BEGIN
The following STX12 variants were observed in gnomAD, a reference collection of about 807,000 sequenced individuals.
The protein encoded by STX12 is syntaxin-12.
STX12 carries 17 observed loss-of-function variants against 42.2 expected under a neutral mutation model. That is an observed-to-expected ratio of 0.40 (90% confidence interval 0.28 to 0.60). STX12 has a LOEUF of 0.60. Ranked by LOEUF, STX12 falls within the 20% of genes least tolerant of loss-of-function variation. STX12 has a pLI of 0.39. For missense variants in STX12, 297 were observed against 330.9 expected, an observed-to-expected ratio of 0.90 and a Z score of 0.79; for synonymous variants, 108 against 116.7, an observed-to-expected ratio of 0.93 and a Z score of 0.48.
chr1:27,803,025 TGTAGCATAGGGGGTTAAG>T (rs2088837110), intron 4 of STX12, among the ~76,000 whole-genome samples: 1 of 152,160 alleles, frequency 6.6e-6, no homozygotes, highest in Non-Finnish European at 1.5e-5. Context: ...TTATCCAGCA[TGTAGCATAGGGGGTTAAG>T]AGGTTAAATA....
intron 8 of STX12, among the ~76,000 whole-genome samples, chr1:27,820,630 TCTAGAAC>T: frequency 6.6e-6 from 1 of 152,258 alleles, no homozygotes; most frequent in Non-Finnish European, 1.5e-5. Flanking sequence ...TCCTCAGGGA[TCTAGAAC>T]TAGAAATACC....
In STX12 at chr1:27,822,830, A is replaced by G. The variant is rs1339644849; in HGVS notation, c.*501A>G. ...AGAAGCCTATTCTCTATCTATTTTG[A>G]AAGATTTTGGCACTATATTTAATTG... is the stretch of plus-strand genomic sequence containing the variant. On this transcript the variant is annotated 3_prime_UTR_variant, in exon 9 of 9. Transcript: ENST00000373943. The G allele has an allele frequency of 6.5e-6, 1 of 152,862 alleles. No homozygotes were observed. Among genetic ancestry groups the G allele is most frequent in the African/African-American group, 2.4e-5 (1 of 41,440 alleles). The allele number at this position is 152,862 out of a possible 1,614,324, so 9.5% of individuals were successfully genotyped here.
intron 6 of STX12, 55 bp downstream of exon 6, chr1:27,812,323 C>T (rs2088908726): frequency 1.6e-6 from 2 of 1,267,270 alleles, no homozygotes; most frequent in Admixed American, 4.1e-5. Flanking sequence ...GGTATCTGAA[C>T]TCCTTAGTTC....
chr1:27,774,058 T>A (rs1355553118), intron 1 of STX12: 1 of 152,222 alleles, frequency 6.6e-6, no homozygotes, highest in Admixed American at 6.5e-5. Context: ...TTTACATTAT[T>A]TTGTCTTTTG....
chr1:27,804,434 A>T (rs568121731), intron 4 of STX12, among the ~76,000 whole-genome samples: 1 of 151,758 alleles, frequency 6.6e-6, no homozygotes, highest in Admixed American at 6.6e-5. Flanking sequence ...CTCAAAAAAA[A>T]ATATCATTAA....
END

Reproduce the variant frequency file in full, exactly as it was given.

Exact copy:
The following STX12 variants were observed in gnomAD, a reference collection of about 807,000 sequenced individuals.
The protein encoded by STX12 is syntaxin-12.
STX12 carries 17 observed loss-of-function variants against 42.2 expected under a neutral mutation model. That is an observed-to-expected ratio of 0.40 (90% confidence interval 0.28 to 0.60). STX12 has a LOEUF of 0.60. Ranked by LOEUF, STX12 falls within the 20% of genes least tolerant of loss-of-function variation. STX12 has a pLI of 0.39. For missense variants in STX12, 297 were observed against 330.9 expected, an observed-to-expected ratio of 0.90 and a Z score of 0.79; for synonymous variants, 108 against 116.7, an observed-to-expected ratio of 0.93 and a Z score of 0.48.
chr1:27,803,025 TGTAGCATAGGGGGTTAAG>T (rs2088837110), intron 4 of STX12, among the ~76,000 whole-genome samples: 1 of 152,160 alleles, frequency 6.6e-6, no homozygotes, highest in Non-Finnish European at 1.5e-5. Context: ...TTATCCAGCA[TGTAGCATAGGGGGTTAAG>T]AGGTTAAATA....
intron 8 of STX12, among the ~76,000 whole-genome samples, chr1:27,820,630 TCTAGAAC>T: frequency 6.6e-6 from 1 of 152,258 alleles, no homozygotes; most frequent in Non-Finnish European, 1.5e-5. Flanking sequence ...TCCTCAGGGA[TCTAGAAC>T]TAGAAATACC....
In STX12 at chr1:27,822,830, A is replaced by G. The variant is rs1339644849; in HGVS notation, c.*501A>G. ...AGAAGCCTATTCTCTATCTATTTTG[A>G]AAGATTTTGGCACTATATTTAATTG... is the stretch of plus-strand genomic sequence containing the variant. On this transcript the variant is annotated 3_prime_UTR_variant, in exon 9 of 9. Transcript: ENST00000373943. The G allele has an allele frequency of 6.5e-6, 1 of 152,862 alleles. No homozygotes were observed. Among genetic ancestry groups the G allele is most frequent in the African/African-American group, 2.4e-5 (1 of 41,440 alleles). The allele number at this position is 152,862 out of a possible 1,614,324, so 9.5% of individuals were successfully genotyped here.
intron 6 of STX12, 55 bp downstream of exon 6, chr1:27,812,323 C>T (rs2088908726): frequency 1.6e-6 from 2 of 1,267,270 alleles, no homozygotes; most frequent in Admixed American, 4.1e-5. Flanking sequence ...GGTATCTGAA[C>T]TCCTTAGTTC....
chr1:27,774,058 T>A (rs1355553118), intron 1 of STX12: 1 of 152,222 alleles, frequency 6.6e-6, no homozygotes, highest in Admixed American at 6.5e-5. Context: ...TTTACATTAT[T>A]TTGTCTTTTG....
chr1:27,804,434 A>T (rs568121731), intron 4 of STX12, among the ~76,000 whole-genome samples: 1 of 151,758 alleles, frequency 6.6e-6, no homozygotes, highest in Admixed American at 6.6e-5. Flanking sequence ...CTCAAAAAAA[A>T]ATATCATTAA....